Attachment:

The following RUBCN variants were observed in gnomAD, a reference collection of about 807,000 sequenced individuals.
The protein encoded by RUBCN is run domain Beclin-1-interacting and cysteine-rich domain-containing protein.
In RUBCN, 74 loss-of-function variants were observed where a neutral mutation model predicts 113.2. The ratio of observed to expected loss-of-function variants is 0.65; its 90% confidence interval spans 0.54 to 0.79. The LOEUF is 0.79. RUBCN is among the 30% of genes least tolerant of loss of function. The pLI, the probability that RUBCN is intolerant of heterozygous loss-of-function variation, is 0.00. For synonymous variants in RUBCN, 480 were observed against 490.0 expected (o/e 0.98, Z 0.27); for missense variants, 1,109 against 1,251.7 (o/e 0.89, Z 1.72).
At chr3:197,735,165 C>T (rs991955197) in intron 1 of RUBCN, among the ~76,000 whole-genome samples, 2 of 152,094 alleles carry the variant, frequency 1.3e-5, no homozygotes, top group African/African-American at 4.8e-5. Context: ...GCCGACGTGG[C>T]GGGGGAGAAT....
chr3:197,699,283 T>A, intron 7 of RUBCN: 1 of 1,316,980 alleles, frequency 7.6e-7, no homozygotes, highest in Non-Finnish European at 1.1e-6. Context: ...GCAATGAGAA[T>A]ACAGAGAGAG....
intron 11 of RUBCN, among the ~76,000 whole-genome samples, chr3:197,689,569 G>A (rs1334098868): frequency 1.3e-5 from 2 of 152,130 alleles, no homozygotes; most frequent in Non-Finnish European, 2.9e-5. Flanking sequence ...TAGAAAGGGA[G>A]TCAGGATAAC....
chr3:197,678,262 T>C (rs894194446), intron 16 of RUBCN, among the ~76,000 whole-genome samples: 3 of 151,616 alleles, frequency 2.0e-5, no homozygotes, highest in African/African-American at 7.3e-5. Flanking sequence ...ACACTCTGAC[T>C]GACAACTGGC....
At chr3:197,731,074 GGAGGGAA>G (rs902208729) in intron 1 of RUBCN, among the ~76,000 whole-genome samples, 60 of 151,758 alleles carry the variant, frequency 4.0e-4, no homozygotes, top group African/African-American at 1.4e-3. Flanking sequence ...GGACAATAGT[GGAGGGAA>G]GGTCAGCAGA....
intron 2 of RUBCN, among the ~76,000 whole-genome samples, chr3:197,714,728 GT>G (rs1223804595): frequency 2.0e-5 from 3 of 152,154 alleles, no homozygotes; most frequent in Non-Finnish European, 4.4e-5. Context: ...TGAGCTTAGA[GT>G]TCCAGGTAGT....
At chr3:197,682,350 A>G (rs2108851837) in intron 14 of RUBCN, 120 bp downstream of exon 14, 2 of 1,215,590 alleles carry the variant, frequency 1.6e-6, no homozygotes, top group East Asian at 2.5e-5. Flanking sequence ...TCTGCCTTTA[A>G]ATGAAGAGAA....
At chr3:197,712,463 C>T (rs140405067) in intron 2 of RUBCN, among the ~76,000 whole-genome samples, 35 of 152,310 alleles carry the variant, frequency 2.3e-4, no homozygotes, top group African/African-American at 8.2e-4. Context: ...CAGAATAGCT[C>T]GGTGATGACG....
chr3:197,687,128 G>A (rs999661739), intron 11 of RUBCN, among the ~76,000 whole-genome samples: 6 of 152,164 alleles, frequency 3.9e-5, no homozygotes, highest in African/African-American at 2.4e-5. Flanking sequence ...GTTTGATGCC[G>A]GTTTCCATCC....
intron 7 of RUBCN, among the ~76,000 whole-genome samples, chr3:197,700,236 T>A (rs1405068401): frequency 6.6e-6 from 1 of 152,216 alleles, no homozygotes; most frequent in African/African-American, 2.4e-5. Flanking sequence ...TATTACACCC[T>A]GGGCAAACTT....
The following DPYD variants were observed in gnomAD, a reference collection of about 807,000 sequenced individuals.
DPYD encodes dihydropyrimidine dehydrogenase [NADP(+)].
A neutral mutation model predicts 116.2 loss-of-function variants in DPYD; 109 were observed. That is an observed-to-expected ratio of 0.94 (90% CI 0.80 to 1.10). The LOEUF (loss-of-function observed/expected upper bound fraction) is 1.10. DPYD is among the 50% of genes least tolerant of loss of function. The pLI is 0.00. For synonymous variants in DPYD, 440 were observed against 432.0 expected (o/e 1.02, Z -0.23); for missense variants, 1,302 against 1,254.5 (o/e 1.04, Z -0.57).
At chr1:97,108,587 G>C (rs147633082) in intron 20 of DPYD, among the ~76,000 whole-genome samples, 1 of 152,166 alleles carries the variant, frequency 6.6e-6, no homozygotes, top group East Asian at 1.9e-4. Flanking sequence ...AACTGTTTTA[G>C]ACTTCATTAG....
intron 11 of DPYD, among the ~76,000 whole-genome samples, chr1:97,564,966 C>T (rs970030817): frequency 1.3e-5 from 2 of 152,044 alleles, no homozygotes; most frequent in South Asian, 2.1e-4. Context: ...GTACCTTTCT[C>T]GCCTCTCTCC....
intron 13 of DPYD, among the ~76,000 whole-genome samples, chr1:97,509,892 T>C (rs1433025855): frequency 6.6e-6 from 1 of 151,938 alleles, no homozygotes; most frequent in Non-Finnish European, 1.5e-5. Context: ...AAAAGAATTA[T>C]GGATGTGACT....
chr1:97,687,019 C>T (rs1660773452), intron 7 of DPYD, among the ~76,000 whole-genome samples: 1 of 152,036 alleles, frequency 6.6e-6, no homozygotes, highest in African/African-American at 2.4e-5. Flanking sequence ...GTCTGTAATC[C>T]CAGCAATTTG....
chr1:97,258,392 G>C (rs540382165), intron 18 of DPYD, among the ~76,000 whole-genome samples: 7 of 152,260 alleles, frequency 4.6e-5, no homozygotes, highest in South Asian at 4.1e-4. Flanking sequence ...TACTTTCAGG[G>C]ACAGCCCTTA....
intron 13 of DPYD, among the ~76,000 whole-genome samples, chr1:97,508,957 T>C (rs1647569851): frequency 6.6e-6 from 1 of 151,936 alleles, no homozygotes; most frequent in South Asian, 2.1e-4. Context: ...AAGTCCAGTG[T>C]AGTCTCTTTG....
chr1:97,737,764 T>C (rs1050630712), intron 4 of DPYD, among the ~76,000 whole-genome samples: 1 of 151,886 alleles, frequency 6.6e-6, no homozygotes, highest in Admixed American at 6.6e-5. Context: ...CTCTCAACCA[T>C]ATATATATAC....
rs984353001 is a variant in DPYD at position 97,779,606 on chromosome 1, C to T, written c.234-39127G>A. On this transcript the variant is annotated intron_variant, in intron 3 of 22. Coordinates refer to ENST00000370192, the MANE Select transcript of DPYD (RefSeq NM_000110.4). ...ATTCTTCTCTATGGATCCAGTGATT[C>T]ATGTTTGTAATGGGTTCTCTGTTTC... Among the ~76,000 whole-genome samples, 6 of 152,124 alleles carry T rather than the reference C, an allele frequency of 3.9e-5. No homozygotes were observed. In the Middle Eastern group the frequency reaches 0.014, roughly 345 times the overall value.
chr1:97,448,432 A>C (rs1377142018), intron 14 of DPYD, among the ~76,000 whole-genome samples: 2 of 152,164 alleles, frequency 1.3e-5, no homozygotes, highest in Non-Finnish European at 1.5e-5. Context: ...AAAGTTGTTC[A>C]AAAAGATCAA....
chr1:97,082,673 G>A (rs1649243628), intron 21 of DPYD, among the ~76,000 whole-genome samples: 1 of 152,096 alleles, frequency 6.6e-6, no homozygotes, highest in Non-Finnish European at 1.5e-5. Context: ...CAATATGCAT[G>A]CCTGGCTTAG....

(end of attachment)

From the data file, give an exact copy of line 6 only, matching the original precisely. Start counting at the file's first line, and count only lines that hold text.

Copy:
intron 11 of RUBCN, among the ~76,000 whole-genome samples, chr3:197,689,569 G>A (rs1334098868): frequency 1.3e-5 from 2 of 152,130 alleles, no homozygotes; most frequent in Non-Finnish European, 2.9e-5. Flanking sequence ...TAGAAAGGGA[G>A]TCAGGATAAC....